Tuesday, February 26, 2008
Supporters of Cyprus' president-elect Dimitris Christofias wave Cyprus flags and Che Guevara banners at a victory celebration, Eleftheria Stadium, Nicosia, February 24. Christofias was the candidate of the Cypriot Communist Party, the surprise victor, and the beneficiary of the Greek Cypriot electorate's revulsion toward his predecessor's hardline stance regarding negotiation with Turkish Cypriots. Christofias is the first Communist leader of an EU country.
Monday, February 25, 2008
No doubt almost anyone who reads this blawg heard this amazing story (Jan. 31) on NPR's Morning Edition: "Kibbe at the Crossroads: A Lebanese Kitchen Story." On the face of it, this is just a "food" story, a bit of NPR fluff. But it turns out that a story focusing on the mostly unknown history of Syrian/Lebanese cuisine in the Mississippi Delta opens up a history of Syrian-Lebanese immigrants in the Delta and their ambiguous position on the black-white color line. I love the image of Robert Johnson sitting under a sycamore at the legendary crossroads in Clarksdale, guitar by his side, eating barbecue he had procured from the nearby Abe's Barbecue, a restaurant founded by a Lebanese immigrant (Abraham Davis) from the Lebanese town of Zahle. (Probably he didn't eat kibbe, which seems at the time to have been "home" food cooked up on Sunday and not served in Lebanese-Syrian restaurants.) We learn too that Ike and Tina Turner worked for a Lebanese-owned grocery store in nearby Riverton. And we learn that during the days of the Civil Rights movement, Abe's Barbecue and the Lebanese-owned Chamoun's Rest Haven were among the only in the area that would serve blacks. (Without more evidence, I don't think we should generalize on the basis of this story about the commitment of Arab-Americans in the South to the Civil Rights movement. But I do have it on good authority from a friend who knew Ike Turner quite well that Ike always had kind words for Lebanese, based on his experience working for a Lebanese-American grocer.)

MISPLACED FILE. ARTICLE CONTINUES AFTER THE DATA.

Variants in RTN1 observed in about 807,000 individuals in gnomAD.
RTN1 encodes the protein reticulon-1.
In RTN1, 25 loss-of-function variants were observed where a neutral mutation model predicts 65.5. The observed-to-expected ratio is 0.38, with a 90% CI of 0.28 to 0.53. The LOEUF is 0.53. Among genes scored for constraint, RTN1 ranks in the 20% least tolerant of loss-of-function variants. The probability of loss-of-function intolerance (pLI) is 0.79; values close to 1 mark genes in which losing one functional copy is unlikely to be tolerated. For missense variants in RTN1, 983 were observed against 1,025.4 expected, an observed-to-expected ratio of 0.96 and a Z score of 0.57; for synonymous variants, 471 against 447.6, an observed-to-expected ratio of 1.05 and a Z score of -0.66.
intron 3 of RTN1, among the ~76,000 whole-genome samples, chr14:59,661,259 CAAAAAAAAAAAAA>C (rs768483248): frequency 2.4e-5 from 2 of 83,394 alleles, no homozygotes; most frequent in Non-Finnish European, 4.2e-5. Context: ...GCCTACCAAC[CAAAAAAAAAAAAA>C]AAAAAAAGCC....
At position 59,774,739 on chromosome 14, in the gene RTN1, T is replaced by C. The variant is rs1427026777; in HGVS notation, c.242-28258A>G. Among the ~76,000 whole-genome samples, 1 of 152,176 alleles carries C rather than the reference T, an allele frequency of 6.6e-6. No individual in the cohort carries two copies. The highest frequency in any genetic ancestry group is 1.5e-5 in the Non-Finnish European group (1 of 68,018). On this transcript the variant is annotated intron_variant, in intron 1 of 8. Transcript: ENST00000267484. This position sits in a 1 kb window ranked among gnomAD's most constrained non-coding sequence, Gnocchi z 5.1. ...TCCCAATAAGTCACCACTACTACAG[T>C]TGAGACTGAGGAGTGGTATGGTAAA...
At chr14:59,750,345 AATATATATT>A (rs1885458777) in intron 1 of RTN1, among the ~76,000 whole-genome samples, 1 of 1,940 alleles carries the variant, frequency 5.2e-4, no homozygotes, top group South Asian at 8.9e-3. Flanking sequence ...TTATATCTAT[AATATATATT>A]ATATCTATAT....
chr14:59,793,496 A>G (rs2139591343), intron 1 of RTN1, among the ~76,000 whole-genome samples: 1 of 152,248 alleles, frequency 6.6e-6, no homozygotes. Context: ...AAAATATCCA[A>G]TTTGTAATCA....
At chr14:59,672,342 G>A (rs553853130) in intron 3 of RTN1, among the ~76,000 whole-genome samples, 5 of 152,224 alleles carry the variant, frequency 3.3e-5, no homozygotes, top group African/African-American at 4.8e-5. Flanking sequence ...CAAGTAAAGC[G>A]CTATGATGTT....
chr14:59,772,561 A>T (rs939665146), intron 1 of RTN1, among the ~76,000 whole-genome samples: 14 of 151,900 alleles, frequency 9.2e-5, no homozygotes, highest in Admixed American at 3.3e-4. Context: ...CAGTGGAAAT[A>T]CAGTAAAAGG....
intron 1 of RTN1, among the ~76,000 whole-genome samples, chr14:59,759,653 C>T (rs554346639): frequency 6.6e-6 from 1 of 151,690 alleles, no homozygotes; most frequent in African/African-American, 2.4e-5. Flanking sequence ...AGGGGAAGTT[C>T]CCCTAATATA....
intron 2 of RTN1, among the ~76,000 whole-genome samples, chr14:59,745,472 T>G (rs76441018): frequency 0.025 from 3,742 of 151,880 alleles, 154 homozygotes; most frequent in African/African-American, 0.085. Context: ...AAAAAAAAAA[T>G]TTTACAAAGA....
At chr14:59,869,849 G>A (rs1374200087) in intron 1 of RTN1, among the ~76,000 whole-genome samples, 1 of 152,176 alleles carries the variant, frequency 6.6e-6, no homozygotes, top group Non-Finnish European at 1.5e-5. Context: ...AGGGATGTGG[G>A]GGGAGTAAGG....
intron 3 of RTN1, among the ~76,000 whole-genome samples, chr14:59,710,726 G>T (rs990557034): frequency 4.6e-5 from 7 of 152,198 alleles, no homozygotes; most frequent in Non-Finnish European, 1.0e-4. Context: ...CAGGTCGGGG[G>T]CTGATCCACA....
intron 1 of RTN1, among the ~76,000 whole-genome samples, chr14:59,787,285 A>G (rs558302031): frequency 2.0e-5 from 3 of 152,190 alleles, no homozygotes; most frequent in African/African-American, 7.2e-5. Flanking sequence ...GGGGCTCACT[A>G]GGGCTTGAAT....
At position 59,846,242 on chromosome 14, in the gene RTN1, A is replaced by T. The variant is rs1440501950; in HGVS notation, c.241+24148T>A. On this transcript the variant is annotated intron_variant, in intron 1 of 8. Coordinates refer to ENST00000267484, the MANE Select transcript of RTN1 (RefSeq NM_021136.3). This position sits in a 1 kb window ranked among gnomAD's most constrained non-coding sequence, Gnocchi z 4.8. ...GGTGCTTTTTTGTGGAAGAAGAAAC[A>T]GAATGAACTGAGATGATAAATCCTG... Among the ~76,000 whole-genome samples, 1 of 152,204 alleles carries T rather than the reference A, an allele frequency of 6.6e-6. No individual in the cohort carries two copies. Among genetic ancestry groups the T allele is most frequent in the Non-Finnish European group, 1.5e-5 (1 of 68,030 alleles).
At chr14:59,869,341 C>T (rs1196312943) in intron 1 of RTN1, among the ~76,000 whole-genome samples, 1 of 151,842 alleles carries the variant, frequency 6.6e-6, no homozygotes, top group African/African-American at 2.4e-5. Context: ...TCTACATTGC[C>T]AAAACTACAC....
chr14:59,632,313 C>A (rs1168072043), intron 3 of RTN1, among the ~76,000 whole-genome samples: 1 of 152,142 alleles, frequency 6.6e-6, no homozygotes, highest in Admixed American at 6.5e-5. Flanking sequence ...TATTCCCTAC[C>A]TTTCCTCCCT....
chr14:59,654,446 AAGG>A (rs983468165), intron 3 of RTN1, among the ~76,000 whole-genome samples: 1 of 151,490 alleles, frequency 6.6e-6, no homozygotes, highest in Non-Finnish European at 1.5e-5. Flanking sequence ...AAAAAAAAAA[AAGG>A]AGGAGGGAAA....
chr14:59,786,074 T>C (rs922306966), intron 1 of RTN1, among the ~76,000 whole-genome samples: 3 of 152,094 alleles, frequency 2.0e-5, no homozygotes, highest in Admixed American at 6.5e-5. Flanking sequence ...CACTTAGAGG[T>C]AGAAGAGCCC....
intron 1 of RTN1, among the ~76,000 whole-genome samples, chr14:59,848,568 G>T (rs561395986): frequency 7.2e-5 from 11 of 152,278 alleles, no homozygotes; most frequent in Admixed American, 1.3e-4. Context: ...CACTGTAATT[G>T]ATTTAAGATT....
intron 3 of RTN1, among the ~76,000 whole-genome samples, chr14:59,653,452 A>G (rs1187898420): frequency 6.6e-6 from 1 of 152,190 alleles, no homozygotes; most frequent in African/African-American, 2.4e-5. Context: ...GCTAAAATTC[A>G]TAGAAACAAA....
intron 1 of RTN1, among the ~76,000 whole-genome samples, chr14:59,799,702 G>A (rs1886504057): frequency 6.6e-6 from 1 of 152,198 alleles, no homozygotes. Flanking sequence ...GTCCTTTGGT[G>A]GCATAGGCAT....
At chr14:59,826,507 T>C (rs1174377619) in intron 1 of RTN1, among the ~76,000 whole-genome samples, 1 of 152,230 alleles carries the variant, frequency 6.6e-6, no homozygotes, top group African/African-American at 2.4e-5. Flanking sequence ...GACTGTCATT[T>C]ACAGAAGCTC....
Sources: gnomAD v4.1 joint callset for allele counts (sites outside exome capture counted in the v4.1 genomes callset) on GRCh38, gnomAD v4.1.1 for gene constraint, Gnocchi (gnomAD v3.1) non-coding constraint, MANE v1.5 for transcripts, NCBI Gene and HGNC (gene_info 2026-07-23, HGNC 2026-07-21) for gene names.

At one point in the story, Pat Davis, owner of Abe's, pulls out a CD and plays a song in Arabic sung by Danny Thomas, who was cited by those interviewed for the story as the preeminent Lebanese-American, and star of the very popular sitcom "The Danny Thomas Show," which ran from 1953 to 1964, and often featured Danny's fictional Lebanese uncle, "Uncle Tonoose" (played by Hans Conried--see photo).
The CD in question is The Music Of Arab-Americans, released by Rounder, and the song is reportedly the only recording in Arabic released by Danny Thomas. I highly recommend it, and Danny's song is one of the best on the CD. (The very informative liner notes were penned by ethnomusicologist Anne Rasmussen.)
And, read to the bottom of the "Kibbe" story for a useful discussion of the song, "Miserlou."
Saturday, February 23, 2008
Another reminder that March 19th is the 5th anniversary of the Iraq invasion. Please join the effort to end this madness. In Fayetteville, you can participate in Pancakes for Peace on March 1, and the 5 Years Too Many demo on March 8. United for Peace and Justice is organizing events throughout the country on March 19--go here to find an event. And if you blog, please join the March 19 Iraq War Blogswarm. Information available here.
Monday, February 18, 2008